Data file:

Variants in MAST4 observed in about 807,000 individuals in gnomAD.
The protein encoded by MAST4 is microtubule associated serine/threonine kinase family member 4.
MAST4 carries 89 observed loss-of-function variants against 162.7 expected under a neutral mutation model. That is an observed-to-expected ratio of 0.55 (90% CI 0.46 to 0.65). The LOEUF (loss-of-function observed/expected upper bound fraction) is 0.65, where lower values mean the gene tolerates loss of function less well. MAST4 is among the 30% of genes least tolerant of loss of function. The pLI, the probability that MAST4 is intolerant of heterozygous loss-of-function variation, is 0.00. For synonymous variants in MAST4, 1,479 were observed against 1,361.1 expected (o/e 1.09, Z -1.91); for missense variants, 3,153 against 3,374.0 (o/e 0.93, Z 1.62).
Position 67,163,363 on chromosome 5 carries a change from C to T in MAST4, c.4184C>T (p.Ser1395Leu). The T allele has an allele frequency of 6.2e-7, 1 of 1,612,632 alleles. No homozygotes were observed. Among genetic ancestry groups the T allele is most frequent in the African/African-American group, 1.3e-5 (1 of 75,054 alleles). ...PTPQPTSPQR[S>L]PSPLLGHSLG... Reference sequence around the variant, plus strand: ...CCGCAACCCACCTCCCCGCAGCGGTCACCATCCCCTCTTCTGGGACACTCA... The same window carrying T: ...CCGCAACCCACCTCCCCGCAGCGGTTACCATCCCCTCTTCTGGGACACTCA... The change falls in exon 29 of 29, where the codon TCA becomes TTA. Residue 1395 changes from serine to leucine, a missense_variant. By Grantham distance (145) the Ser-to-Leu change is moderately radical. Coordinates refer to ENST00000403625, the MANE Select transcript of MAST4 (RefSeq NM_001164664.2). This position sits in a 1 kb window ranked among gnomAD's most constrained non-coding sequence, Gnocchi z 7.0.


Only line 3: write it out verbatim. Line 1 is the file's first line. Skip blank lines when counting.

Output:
MAST4 carries 89 observed loss-of-function variants against 162.7 expected under a neutral mutation model. That is an observed-to-expected ratio of 0.55 (90% CI 0.46 to 0.65). The LOEUF (loss-of-function observed/expected upper bound fraction) is 0.65, where lower values mean the gene tolerates loss of function less well. MAST4 is among the 30% of genes least tolerant of loss of function. The pLI, the probability that MAST4 is intolerant of heterozygous loss-of-function variation, is 0.00. For synonymous variants in MAST4, 1,479 were observed against 1,361.1 expected (o/e 1.09, Z -1.91); for missense variants, 3,153 against 3,374.0 (o/e 0.93, Z 1.62).